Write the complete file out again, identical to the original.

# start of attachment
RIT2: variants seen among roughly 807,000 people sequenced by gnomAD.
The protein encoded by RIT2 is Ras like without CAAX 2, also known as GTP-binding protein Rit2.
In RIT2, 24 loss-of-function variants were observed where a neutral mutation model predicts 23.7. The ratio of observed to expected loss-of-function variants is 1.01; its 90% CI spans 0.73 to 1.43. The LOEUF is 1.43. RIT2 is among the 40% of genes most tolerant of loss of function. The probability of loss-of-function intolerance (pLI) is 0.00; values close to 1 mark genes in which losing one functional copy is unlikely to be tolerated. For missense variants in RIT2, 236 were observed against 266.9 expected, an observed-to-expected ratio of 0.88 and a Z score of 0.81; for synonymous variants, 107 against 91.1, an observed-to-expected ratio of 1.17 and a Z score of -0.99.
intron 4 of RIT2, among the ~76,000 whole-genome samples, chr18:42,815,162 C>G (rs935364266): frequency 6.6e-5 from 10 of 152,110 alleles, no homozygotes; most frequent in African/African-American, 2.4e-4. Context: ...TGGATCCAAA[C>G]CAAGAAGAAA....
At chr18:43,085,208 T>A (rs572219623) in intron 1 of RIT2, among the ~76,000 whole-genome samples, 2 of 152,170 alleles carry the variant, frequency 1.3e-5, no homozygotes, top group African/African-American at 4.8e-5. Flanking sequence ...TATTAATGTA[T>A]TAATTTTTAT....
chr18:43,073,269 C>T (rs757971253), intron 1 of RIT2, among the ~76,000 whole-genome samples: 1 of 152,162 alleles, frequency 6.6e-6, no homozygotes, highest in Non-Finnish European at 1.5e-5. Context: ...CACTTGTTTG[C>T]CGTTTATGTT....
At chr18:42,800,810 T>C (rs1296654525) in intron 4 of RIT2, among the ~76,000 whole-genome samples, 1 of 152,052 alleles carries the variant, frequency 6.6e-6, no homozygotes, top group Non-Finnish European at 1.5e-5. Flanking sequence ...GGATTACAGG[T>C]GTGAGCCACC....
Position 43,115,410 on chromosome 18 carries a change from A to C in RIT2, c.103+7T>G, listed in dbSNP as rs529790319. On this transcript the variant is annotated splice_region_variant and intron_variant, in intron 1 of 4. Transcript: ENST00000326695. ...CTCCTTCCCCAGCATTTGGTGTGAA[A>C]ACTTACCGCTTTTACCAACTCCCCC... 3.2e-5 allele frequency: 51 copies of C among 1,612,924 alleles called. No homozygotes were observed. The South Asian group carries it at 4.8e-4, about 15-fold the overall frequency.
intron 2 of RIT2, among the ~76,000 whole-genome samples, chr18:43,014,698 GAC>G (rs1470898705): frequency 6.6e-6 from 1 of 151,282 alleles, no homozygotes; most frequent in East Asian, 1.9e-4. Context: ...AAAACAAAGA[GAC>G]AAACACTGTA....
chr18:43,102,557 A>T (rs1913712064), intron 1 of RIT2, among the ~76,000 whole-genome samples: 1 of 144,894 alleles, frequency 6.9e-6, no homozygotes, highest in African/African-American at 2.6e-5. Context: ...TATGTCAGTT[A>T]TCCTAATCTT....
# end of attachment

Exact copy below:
RIT2: variants seen among roughly 807,000 people sequenced by gnomAD.
The protein encoded by RIT2 is Ras like without CAAX 2, also known as GTP-binding protein Rit2.
In RIT2, 24 loss-of-function variants were observed where a neutral mutation model predicts 23.7. The ratio of observed to expected loss-of-function variants is 1.01; its 90% CI spans 0.73 to 1.43. The LOEUF is 1.43. RIT2 is among the 40% of genes most tolerant of loss of function. The probability of loss-of-function intolerance (pLI) is 0.00; values close to 1 mark genes in which losing one functional copy is unlikely to be tolerated. For missense variants in RIT2, 236 were observed against 266.9 expected, an observed-to-expected ratio of 0.88 and a Z score of 0.81; for synonymous variants, 107 against 91.1, an observed-to-expected ratio of 1.17 and a Z score of -0.99.
intron 4 of RIT2, among the ~76,000 whole-genome samples, chr18:42,815,162 C>G (rs935364266): frequency 6.6e-5 from 10 of 152,110 alleles, no homozygotes; most frequent in African/African-American, 2.4e-4. Context: ...TGGATCCAAA[C>G]CAAGAAGAAA....
At chr18:43,085,208 T>A (rs572219623) in intron 1 of RIT2, among the ~76,000 whole-genome samples, 2 of 152,170 alleles carry the variant, frequency 1.3e-5, no homozygotes, top group African/African-American at 4.8e-5. Flanking sequence ...TATTAATGTA[T>A]TAATTTTTAT....
chr18:43,073,269 C>T (rs757971253), intron 1 of RIT2, among the ~76,000 whole-genome samples: 1 of 152,162 alleles, frequency 6.6e-6, no homozygotes, highest in Non-Finnish European at 1.5e-5. Context: ...CACTTGTTTG[C>T]CGTTTATGTT....
At chr18:42,800,810 T>C (rs1296654525) in intron 4 of RIT2, among the ~76,000 whole-genome samples, 1 of 152,052 alleles carries the variant, frequency 6.6e-6, no homozygotes, top group Non-Finnish European at 1.5e-5. Flanking sequence ...GGATTACAGG[T>C]GTGAGCCACC....
Position 43,115,410 on chromosome 18 carries a change from A to C in RIT2, c.103+7T>G, listed in dbSNP as rs529790319. On this transcript the variant is annotated splice_region_variant and intron_variant, in intron 1 of 4. Transcript: ENST00000326695. ...CTCCTTCCCCAGCATTTGGTGTGAA[A>C]ACTTACCGCTTTTACCAACTCCCCC... 3.2e-5 allele frequency: 51 copies of C among 1,612,924 alleles called. No homozygotes were observed. The South Asian group carries it at 4.8e-4, about 15-fold the overall frequency.
intron 2 of RIT2, among the ~76,000 whole-genome samples, chr18:43,014,698 GAC>G (rs1470898705): frequency 6.6e-6 from 1 of 151,282 alleles, no homozygotes; most frequent in East Asian, 1.9e-4. Context: ...AAAACAAAGA[GAC>G]AAACACTGTA....
chr18:43,102,557 A>T (rs1913712064), intron 1 of RIT2, among the ~76,000 whole-genome samples: 1 of 144,894 alleles, frequency 6.9e-6, no homozygotes, highest in African/African-American at 2.6e-5. Context: ...TATGTCAGTT[A>T]TCCTAATCTT....